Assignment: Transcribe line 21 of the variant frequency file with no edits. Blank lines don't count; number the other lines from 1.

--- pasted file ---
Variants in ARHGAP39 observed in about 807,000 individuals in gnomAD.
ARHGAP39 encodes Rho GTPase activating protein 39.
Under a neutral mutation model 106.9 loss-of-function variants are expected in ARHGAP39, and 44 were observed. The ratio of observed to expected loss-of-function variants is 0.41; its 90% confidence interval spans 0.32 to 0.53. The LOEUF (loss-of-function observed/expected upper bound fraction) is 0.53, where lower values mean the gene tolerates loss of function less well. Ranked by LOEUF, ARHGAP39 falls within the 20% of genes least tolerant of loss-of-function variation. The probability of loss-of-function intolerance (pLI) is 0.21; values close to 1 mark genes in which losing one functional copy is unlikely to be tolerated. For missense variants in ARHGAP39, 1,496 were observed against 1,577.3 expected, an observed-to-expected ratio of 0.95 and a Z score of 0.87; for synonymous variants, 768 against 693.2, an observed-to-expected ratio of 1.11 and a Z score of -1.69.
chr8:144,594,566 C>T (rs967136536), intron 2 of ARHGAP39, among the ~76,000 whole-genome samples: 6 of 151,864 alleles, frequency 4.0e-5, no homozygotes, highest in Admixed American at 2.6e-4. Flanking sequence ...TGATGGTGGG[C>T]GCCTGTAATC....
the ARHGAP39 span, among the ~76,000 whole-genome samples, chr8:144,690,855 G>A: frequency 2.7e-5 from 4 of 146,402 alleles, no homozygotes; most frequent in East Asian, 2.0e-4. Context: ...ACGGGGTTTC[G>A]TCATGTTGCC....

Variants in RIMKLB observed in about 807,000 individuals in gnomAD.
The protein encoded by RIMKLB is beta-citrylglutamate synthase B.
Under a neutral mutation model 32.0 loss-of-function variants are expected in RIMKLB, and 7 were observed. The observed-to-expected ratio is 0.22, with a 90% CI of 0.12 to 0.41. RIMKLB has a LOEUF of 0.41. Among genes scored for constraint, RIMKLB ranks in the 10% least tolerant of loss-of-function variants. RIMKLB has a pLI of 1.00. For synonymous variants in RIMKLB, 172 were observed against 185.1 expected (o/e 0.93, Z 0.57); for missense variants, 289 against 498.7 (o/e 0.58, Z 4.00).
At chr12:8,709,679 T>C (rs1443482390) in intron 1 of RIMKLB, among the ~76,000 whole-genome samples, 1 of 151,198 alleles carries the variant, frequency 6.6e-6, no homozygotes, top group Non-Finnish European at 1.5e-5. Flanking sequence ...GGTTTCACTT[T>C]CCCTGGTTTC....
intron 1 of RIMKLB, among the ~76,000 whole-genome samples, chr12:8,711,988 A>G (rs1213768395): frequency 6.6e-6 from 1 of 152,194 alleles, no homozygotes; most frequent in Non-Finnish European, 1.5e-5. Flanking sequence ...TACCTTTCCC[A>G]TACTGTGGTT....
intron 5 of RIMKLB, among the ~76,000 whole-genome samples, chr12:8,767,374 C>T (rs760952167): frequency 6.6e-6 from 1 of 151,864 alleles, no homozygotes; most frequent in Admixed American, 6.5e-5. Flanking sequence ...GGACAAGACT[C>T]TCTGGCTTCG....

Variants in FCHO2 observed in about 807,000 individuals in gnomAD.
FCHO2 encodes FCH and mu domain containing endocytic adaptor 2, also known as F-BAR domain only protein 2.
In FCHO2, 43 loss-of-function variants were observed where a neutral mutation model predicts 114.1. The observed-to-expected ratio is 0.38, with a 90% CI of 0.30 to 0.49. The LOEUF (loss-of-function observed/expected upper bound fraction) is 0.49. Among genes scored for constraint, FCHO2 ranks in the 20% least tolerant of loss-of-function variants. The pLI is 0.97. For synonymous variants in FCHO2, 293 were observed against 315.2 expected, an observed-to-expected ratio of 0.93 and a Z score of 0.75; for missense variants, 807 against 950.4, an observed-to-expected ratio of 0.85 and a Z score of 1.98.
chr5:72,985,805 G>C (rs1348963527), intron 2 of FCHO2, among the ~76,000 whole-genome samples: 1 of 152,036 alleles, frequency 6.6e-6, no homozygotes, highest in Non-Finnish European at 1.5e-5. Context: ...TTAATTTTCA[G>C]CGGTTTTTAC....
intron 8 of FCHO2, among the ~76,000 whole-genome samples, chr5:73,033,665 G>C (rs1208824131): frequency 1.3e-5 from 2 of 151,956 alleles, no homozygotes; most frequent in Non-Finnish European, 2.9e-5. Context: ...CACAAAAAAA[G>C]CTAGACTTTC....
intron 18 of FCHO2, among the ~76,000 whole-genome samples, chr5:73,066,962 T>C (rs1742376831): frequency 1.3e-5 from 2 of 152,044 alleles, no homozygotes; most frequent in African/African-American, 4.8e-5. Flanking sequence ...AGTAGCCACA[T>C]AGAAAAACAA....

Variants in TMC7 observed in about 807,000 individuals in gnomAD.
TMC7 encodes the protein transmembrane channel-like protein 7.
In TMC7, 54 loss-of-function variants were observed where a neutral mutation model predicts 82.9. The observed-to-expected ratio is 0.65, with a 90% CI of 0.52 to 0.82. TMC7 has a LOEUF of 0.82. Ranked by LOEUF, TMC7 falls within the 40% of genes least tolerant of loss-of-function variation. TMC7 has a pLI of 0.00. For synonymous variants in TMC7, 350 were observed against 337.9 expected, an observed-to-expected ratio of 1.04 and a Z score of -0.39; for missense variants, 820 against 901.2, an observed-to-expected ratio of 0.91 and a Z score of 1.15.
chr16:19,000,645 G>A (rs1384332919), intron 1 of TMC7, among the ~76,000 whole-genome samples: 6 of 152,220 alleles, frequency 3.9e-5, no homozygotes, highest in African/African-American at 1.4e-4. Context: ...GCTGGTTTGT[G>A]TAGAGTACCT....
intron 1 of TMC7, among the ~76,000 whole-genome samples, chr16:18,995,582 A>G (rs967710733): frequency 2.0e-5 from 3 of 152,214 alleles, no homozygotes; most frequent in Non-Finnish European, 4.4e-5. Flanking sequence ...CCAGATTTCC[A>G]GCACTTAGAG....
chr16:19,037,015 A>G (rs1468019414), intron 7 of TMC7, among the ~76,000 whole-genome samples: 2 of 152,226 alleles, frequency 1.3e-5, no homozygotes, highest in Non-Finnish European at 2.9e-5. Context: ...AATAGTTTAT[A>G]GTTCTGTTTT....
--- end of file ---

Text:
chr16:19,000,645 G>A (rs1384332919), intron 1 of TMC7, among the ~76,000 whole-genome samples: 6 of 152,220 alleles, frequency 3.9e-5, no homozygotes, highest in African/African-American at 1.4e-4. Context: ...GCTGGTTTGT[G>A]TAGAGTACCT....